I think the confusion for English speakers comes from the phrases 'saat kac/kacta' (sorry don't have the right keyboard for the 'c'). Here the Turkish translates literally as 'what hour' where the standard English phrase is 'what time'. So to an English speaker there is one particular context in which 'time' translates as 'saat'.
Persian speaker here. Saat and zaman are Persian (but ultimately Arabic) cognates of the same word with the same meaning so I'll shed some light on this using etymology.
Zaman: a general time period
Saat: a specific time that you read on a clock, o'clock, or hour.
Vakit: moment or instance
Zaman = Is a very general time period. The level of its generalization is that which you see in history books. Like Paleozoic era, or the World War II period. Past, present, and future are a type of "zaman" as well. So, when talking about eras, periods, epochs... or even grammatical tenses, you should use zaman. Morning, afternoon, and night are words that need the usage of "zaman" instead of "saat". I hope you get the idea?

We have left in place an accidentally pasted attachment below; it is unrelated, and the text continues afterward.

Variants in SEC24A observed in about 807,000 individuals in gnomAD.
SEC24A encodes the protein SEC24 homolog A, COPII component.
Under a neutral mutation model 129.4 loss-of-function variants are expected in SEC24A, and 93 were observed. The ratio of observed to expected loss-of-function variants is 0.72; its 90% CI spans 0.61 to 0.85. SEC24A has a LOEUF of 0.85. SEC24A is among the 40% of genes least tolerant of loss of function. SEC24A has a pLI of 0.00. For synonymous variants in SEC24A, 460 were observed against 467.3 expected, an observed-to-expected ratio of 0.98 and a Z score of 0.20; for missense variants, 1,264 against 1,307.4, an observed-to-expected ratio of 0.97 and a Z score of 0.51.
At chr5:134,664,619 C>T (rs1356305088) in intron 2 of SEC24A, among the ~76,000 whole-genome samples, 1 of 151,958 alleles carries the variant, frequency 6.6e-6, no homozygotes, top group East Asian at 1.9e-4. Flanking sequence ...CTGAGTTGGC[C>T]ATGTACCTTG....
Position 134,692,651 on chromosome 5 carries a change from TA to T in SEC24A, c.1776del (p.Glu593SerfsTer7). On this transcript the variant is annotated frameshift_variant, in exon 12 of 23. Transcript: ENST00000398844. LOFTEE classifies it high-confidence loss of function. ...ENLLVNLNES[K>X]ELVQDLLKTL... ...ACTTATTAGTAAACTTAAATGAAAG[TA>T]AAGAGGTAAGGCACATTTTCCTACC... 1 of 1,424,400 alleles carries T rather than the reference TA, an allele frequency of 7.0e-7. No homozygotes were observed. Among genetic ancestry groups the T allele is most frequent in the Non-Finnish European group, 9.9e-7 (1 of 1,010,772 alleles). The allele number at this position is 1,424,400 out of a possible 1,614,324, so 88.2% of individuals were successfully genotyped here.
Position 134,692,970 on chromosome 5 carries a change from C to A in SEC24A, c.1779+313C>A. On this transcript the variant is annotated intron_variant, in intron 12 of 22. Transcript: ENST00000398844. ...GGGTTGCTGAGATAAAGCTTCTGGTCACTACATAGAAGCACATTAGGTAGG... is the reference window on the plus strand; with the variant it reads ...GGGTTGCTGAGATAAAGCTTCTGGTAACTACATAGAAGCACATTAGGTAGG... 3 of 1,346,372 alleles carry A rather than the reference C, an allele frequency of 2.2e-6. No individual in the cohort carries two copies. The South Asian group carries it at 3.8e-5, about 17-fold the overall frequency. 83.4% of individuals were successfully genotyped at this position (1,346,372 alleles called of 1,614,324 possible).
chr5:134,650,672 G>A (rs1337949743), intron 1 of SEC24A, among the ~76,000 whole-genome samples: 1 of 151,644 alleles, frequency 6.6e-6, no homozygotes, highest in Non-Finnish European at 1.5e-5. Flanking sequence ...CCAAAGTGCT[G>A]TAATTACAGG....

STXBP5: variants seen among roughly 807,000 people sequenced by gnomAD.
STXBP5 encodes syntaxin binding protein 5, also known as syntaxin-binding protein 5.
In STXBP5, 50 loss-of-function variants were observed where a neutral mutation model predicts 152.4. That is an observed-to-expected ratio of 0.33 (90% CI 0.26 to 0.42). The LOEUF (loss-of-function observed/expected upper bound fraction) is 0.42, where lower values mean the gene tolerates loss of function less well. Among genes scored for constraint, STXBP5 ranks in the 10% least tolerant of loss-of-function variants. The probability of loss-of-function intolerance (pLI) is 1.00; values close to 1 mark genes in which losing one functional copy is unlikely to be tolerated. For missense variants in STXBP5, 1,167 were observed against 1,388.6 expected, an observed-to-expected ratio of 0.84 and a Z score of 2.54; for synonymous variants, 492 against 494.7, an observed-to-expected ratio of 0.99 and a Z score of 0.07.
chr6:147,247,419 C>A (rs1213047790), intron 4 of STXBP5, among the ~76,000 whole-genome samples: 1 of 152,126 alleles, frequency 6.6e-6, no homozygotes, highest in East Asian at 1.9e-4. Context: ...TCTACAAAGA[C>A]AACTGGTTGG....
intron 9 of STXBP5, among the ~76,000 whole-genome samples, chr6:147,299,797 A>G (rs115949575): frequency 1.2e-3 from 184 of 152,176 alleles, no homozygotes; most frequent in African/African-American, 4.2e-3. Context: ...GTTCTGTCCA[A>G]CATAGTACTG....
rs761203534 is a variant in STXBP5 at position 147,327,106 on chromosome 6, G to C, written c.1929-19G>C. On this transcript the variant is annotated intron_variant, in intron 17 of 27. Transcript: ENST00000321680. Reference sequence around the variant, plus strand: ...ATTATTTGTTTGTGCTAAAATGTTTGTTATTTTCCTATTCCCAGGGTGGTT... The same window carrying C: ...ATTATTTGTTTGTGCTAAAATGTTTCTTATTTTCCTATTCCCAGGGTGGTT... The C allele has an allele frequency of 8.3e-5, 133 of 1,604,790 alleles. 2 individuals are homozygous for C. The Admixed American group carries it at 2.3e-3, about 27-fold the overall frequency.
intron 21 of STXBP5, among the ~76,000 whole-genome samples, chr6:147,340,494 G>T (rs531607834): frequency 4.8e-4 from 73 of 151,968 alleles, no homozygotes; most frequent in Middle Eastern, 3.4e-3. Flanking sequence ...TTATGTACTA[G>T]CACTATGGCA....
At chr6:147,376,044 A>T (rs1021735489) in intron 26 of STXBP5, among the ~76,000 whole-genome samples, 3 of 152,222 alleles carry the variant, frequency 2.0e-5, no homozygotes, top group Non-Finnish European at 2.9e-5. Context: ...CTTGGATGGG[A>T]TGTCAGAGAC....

Saat = It can be a time device, such as a wristwatch or a clock. It is also a literal translation for hour. It can also mean "o'clock" , and is usually used to refer to a very specific time of the day. An objective answer is usually given with a saat statement such as "3:00 PM", rather than a vague one like "in the afternoon".
For moments, I think turks prefer to use "vakit" (arabic cognate). Oğle vaktı means "noon time".
edit: Correction on zaman and vakit examples.
Her saat: Every hour/watch
Herhangi bir saat: Any hour/watch
Her zaman: Everytime
Herhangi bir zaman: Anytime
That is the standard translation. But in some situations there may be overlaps. Forum example: 'You can't come here anytime you want.' can be translated as 'İstediğin her zaman buraya gelemezsin.'.